Brokers downplay homeowner liability issue

Brokers downplay homeowner liability issue | Insurance Business

Brokers downplay homeowner liability issue
Homeowners in New South Wales could be at risk as legislation surrounding backyard pools has left more than a third of homeowners with pools in breach of new rules.

A survey, conducted by Aitkin Lawyers, found that more than a third of the 60 properties in the state currently for sale on Domain were in breach of rules which came into place in April which could affect home insurance policies.

In a report in The Sydney Morning Herald, Julian Peters, special counsel with Aiken Lawyers, said that failure to comply with the changes in legislation could see home-owners left vulnerable by insurance coverage in the event of an accident but brokers have downplayed the change.

“I don’t see this as a major issue,” John Usher, account executive at Teamcare told Insurance Business.

“From a risk management and insurance perspective the crux of the matter is the condition of the pool.

“If the pool truly was non-compliant & this led to someone dying then the homeowner could be held liable for this & would seek recourse under the liability section of their house insurance. The main issue if it got to court would likely be the actual state of the pool at the time of the loss rather than whether or not it was registered.”

Pools in New South Wales have had to be registered with local government after legislative changes at the end of April in a bid to help reduce injuries and drownings.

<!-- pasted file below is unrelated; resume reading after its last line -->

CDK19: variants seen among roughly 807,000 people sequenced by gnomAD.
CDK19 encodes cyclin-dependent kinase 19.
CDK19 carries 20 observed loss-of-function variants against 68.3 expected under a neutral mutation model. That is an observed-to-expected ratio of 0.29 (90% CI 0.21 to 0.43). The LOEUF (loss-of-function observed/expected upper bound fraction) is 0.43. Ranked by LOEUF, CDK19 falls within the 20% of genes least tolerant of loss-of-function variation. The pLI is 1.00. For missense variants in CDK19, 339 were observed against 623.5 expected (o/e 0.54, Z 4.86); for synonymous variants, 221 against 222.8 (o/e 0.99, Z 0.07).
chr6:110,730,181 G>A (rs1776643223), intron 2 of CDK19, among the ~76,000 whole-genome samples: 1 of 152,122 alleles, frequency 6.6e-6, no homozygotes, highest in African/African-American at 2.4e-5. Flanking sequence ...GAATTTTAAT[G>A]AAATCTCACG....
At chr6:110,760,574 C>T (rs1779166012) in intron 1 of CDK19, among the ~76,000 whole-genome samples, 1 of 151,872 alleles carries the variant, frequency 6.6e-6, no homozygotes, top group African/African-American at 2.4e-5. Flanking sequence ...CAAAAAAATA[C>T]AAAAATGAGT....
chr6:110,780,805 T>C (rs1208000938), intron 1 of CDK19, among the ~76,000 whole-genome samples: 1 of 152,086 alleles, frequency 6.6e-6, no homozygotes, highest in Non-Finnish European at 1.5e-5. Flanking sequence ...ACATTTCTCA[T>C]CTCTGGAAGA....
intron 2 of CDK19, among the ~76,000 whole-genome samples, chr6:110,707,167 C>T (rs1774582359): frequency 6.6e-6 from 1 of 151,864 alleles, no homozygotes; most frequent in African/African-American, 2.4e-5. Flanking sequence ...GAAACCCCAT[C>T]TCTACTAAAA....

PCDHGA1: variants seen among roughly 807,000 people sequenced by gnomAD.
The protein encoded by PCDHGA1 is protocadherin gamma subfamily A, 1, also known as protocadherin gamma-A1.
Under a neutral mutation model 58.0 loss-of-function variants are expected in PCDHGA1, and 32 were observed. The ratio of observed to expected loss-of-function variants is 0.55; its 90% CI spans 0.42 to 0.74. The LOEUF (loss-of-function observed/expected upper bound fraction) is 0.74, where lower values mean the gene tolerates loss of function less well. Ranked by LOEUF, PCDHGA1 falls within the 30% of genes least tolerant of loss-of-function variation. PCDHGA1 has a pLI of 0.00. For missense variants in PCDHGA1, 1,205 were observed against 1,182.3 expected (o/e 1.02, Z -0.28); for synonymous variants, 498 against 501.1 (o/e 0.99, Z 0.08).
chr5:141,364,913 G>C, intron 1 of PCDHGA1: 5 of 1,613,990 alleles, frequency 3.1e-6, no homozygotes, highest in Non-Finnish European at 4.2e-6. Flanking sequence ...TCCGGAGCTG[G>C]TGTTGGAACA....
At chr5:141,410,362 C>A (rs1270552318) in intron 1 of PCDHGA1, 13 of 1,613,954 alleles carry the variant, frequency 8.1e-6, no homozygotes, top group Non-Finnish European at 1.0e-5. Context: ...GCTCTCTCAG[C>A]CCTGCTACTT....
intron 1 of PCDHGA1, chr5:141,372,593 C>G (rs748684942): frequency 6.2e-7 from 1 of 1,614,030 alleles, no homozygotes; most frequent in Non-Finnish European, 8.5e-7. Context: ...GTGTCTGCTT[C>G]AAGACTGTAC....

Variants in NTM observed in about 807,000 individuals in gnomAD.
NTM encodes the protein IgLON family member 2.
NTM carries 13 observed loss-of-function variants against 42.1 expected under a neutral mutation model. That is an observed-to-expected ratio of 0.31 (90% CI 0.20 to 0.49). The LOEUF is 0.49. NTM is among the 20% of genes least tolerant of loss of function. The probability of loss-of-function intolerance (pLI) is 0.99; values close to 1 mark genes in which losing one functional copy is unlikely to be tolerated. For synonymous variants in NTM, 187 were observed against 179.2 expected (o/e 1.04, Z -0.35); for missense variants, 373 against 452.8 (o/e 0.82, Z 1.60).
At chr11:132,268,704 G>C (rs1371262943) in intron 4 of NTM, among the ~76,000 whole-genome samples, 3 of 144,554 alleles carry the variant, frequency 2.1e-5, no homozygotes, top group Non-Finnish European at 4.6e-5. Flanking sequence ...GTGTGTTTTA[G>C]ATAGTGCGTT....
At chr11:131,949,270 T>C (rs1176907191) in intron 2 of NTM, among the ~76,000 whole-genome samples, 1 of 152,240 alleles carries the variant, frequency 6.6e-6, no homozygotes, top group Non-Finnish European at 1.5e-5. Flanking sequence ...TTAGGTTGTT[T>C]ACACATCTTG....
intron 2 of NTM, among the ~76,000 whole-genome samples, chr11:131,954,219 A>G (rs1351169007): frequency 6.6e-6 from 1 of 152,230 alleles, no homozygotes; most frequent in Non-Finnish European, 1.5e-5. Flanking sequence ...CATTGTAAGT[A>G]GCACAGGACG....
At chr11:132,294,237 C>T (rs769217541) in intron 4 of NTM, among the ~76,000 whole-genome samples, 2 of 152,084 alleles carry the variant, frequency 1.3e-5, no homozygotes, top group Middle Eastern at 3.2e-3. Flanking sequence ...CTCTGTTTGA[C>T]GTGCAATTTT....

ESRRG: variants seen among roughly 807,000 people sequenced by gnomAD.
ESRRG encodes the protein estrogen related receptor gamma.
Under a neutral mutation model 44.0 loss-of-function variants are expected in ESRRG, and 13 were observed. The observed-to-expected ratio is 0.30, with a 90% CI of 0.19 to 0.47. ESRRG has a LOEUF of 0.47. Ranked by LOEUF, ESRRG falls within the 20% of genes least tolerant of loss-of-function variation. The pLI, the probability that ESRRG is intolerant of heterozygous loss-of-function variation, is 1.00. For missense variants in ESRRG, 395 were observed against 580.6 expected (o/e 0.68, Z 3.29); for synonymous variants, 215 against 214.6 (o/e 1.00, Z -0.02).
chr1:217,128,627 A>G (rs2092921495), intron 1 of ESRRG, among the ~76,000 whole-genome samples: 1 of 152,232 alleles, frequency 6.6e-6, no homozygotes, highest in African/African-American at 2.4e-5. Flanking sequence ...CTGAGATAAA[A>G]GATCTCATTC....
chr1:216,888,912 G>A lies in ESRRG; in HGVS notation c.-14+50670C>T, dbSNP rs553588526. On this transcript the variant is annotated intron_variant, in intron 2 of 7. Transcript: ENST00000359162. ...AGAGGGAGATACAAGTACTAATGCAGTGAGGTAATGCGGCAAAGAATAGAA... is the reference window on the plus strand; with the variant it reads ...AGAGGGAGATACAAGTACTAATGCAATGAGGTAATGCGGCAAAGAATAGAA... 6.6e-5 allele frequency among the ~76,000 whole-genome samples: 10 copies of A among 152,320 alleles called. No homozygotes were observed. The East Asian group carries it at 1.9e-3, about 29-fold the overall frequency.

Michael Olofinsky, managing director of Brookvale Insurance Brokers, told Insurance Business that the rule changes were designed for public safety and should be followed.

“The change in legislation is about saving lives from preventable accidents. Who in their right mind would not want to comply if an unsafe issue was identified?

“If the homeowner does have the pool certified it does not prevent actions against them by a third party, conversely if it does not comply they are opening themselves up to a potential actions that may be difficult to defend,” Olofinsky said.

Olofinsky said that brokers could get in touch with their clients via email to help spread the news but it may not be the role of the broker.

“The changes in legislation could be pro-actively broadcast to a broker’s client list, via newsletter or via renewal letter,” Olofinsky continued.

“Whilst it would be proactive I don’t see it as a broker’s role. Local government have already written to homeowners.”

Usher said that the advice on offer from brokers was key to insurance decisions as the legislative changes highlight the lack of advice customers receive.

“The general market is never going to give people any advice about insurance,” Usher said.

“So people are completely in the dark and if they don’t know about an issue like this the insurer isn’t going to tell them. As brokers we have an ongoing relationship with people and are much better placed to offer that sort of insight.”

Related stories:
Will new regs threaten insurance innovation?
Biggest tech impacts for brokers revealed